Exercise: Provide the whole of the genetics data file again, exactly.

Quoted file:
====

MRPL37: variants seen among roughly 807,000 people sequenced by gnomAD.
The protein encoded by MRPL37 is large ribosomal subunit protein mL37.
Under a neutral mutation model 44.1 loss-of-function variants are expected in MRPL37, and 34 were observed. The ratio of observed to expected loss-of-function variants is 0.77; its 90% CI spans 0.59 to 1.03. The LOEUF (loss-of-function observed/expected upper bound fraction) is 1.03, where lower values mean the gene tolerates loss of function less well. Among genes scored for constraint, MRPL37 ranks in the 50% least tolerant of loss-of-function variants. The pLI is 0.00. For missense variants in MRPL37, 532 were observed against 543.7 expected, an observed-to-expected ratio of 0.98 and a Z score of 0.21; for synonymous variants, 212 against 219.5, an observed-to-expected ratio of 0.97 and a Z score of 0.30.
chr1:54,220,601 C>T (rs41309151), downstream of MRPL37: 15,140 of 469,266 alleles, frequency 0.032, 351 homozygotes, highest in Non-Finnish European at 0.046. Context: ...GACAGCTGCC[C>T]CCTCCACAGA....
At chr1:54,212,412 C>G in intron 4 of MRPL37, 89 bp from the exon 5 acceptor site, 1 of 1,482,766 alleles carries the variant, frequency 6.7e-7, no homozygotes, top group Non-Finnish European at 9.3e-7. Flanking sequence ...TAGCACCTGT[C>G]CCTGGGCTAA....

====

MRPL37: variants seen among roughly 807,000 people sequenced by gnomAD.
The protein encoded by MRPL37 is large ribosomal subunit protein mL37.
Under a neutral mutation model 44.1 loss-of-function variants are expected in MRPL37, and 34 were observed. The ratio of observed to expected loss-of-function variants is 0.77; its 90% CI spans 0.59 to 1.03. The LOEUF (loss-of-function observed/expected upper bound fraction) is 1.03, where lower values mean the gene tolerates loss of function less well. Among genes scored for constraint, MRPL37 ranks in the 50% least tolerant of loss-of-function variants. The pLI is 0.00. For missense variants in MRPL37, 532 were observed against 543.7 expected, an observed-to-expected ratio of 0.98 and a Z score of 0.21; for synonymous variants, 212 against 219.5, an observed-to-expected ratio of 0.97 and a Z score of 0.30.
chr1:54,220,601 C>T (rs41309151), downstream of MRPL37: 15,140 of 469,266 alleles, frequency 0.032, 351 homozygotes, highest in Non-Finnish European at 0.046. Context: ...GACAGCTGCC[C>T]CCTCCACAGA....
At chr1:54,212,412 C>G in intron 4 of MRPL37, 89 bp from the exon 5 acceptor site, 1 of 1,482,766 alleles carries the variant, frequency 6.7e-7, no homozygotes, top group Non-Finnish European at 9.3e-7. Flanking sequence ...TAGCACCTGT[C>G]CCTGGGCTAA....